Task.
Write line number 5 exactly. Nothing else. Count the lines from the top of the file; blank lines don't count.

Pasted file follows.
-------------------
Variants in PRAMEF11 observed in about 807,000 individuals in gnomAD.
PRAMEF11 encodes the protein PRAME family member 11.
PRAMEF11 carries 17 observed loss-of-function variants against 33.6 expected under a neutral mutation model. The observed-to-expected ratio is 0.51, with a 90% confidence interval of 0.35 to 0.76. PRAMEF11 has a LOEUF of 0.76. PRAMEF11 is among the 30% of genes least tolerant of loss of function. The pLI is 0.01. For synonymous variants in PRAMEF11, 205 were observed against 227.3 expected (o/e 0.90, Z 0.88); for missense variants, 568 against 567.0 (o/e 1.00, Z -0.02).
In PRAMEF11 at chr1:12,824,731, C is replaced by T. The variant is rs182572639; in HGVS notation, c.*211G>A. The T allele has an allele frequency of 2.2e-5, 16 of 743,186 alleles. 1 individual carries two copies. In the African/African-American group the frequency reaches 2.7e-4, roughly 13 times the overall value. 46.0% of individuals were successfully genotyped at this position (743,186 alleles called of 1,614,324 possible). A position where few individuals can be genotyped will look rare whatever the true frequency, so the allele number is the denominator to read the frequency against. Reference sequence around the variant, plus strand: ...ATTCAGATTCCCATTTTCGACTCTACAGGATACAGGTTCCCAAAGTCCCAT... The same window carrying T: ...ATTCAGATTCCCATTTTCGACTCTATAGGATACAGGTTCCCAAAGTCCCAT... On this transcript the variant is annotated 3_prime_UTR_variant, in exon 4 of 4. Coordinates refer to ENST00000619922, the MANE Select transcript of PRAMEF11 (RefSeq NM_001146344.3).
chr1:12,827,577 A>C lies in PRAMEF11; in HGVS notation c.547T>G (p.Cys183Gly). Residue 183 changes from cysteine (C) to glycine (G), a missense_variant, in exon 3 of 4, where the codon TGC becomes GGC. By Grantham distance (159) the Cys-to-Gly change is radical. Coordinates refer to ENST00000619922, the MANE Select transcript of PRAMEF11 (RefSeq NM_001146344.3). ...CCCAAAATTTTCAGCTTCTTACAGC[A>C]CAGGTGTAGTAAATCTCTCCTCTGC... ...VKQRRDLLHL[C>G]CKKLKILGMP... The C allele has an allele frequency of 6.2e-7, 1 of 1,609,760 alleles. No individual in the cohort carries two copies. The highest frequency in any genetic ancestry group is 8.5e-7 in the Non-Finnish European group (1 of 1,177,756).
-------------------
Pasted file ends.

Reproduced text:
chr1:12,827,577 A>C lies in PRAMEF11; in HGVS notation c.547T>G (p.Cys183Gly). Residue 183 changes from cysteine (C) to glycine (G), a missense_variant, in exon 3 of 4, where the codon TGC becomes GGC. By Grantham distance (159) the Cys-to-Gly change is radical. Coordinates refer to ENST00000619922, the MANE Select transcript of PRAMEF11 (RefSeq NM_001146344.3). ...CCCAAAATTTTCAGCTTCTTACAGC[A>C]CAGGTGTAGTAAATCTCTCCTCTGC... ...VKQRRDLLHL[C>G]CKKLKILGMP... The C allele has an allele frequency of 6.2e-7, 1 of 1,609,760 alleles. No individual in the cohort carries two copies. The highest frequency in any genetic ancestry group is 8.5e-7 in the Non-Finnish European group (1 of 1,177,756).